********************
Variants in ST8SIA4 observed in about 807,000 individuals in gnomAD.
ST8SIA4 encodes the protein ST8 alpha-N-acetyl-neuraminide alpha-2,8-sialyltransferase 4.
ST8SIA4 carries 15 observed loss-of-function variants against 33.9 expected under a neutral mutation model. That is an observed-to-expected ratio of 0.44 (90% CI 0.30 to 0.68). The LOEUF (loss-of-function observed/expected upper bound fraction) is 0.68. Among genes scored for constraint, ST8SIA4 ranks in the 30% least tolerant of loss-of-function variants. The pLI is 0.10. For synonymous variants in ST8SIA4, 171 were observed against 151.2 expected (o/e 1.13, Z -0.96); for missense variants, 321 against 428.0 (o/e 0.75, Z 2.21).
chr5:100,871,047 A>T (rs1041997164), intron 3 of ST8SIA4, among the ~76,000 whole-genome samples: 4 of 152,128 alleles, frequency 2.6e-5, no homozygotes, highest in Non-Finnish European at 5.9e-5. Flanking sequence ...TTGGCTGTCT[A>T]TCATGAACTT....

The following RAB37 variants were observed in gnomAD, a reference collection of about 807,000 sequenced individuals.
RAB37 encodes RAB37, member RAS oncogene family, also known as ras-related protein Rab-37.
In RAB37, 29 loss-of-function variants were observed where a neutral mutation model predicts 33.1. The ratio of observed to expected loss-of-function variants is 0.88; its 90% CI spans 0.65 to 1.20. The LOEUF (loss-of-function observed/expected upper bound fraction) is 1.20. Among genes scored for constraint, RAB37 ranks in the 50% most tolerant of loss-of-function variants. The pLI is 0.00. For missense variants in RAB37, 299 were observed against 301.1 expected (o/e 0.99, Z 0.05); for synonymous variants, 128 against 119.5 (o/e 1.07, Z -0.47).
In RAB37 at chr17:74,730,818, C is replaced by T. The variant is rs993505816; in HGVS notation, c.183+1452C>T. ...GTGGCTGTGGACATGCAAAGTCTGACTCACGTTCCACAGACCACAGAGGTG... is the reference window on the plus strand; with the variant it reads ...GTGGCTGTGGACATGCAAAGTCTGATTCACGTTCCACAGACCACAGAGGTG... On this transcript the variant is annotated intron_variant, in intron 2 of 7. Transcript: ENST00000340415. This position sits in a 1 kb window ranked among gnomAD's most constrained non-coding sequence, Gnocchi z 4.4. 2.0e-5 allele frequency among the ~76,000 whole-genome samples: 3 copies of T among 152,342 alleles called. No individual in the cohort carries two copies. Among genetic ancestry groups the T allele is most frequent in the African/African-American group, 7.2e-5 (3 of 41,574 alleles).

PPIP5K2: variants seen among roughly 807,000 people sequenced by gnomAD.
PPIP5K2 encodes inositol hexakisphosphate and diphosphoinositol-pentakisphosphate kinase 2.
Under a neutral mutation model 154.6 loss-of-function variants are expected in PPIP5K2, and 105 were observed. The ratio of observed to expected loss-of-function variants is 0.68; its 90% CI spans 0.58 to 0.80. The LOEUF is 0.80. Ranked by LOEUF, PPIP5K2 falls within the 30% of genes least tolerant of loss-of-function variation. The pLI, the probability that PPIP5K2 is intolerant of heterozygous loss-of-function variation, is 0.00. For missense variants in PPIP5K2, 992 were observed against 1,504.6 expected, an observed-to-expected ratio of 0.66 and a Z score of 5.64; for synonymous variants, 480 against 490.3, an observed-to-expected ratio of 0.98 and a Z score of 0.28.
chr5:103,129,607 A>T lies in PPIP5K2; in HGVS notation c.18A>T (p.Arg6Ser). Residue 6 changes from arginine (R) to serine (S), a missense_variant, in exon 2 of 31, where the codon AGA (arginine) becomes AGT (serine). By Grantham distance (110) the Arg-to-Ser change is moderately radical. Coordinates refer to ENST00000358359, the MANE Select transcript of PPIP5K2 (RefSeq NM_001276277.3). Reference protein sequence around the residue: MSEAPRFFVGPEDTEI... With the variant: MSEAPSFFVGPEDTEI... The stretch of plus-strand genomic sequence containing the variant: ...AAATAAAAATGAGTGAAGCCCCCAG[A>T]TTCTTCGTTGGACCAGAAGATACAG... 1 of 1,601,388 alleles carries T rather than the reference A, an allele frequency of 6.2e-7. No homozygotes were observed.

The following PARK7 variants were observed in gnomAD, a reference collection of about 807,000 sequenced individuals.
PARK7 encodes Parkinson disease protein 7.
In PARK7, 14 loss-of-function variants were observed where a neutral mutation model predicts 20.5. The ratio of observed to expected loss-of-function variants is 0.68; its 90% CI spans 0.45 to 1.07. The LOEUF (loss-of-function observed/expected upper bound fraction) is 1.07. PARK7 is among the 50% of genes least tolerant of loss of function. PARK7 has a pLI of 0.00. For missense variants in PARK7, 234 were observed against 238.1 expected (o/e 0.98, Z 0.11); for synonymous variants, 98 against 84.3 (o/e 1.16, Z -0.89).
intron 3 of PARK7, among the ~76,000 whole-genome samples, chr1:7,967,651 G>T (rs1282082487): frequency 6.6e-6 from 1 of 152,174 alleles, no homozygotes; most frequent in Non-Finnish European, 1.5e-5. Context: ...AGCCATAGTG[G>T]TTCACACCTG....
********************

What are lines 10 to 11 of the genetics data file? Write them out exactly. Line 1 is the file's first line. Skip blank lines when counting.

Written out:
PPIP5K2 encodes inositol hexakisphosphate and diphosphoinositol-pentakisphosphate kinase 2.
Under a neutral mutation model 154.6 loss-of-function variants are expected in PPIP5K2, and 105 were observed. The ratio of observed to expected loss-of-function variants is 0.68; its 90% CI spans 0.58 to 0.80. The LOEUF is 0.80. Ranked by LOEUF, PPIP5K2 falls within the 30% of genes least tolerant of loss-of-function variation. The pLI, the probability that PPIP5K2 is intolerant of heterozygous loss-of-function variation, is 0.00. For missense variants in PPIP5K2, 992 were observed against 1,504.6 expected, an observed-to-expected ratio of 0.66 and a Z score of 5.64; for synonymous variants, 480 against 490.3, an observed-to-expected ratio of 0.98 and a Z score of 0.28.